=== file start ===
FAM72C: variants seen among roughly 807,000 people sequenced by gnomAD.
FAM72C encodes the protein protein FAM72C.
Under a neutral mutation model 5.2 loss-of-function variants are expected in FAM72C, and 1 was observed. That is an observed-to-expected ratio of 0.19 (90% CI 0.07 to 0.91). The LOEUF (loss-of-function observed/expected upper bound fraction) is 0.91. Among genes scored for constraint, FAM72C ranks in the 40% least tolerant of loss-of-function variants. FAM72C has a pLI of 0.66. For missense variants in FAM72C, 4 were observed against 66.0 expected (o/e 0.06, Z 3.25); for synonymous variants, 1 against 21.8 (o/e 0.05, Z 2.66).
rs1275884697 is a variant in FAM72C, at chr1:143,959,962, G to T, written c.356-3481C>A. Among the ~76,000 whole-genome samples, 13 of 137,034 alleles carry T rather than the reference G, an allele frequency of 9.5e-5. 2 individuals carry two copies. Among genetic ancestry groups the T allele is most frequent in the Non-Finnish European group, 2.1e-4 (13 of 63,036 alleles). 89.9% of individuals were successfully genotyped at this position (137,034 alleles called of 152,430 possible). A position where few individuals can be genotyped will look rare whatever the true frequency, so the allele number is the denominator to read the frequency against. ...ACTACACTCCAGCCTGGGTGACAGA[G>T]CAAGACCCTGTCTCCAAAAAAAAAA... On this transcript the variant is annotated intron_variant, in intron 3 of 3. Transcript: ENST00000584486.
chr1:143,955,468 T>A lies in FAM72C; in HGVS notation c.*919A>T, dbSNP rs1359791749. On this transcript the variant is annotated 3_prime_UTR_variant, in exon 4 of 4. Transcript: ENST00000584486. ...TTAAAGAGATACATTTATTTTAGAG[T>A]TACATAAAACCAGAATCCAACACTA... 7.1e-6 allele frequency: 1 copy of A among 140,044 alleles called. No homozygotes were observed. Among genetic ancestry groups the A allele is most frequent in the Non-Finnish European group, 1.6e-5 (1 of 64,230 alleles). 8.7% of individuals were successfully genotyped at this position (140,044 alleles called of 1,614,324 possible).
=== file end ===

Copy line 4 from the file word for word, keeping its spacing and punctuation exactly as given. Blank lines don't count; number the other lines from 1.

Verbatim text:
rs1275884697 is a variant in FAM72C, at chr1:143,959,962, G to T, written c.356-3481C>A. Among the ~76,000 whole-genome samples, 13 of 137,034 alleles carry T rather than the reference G, an allele frequency of 9.5e-5. 2 individuals carry two copies. Among genetic ancestry groups the T allele is most frequent in the Non-Finnish European group, 2.1e-4 (13 of 63,036 alleles). 89.9% of individuals were successfully genotyped at this position (137,034 alleles called of 152,430 possible). A position where few individuals can be genotyped will look rare whatever the true frequency, so the allele number is the denominator to read the frequency against. ...ACTACACTCCAGCCTGGGTGACAGA[G>T]CAAGACCCTGTCTCCAAAAAAAAAA... On this transcript the variant is annotated intron_variant, in intron 3 of 3. Transcript: ENST00000584486.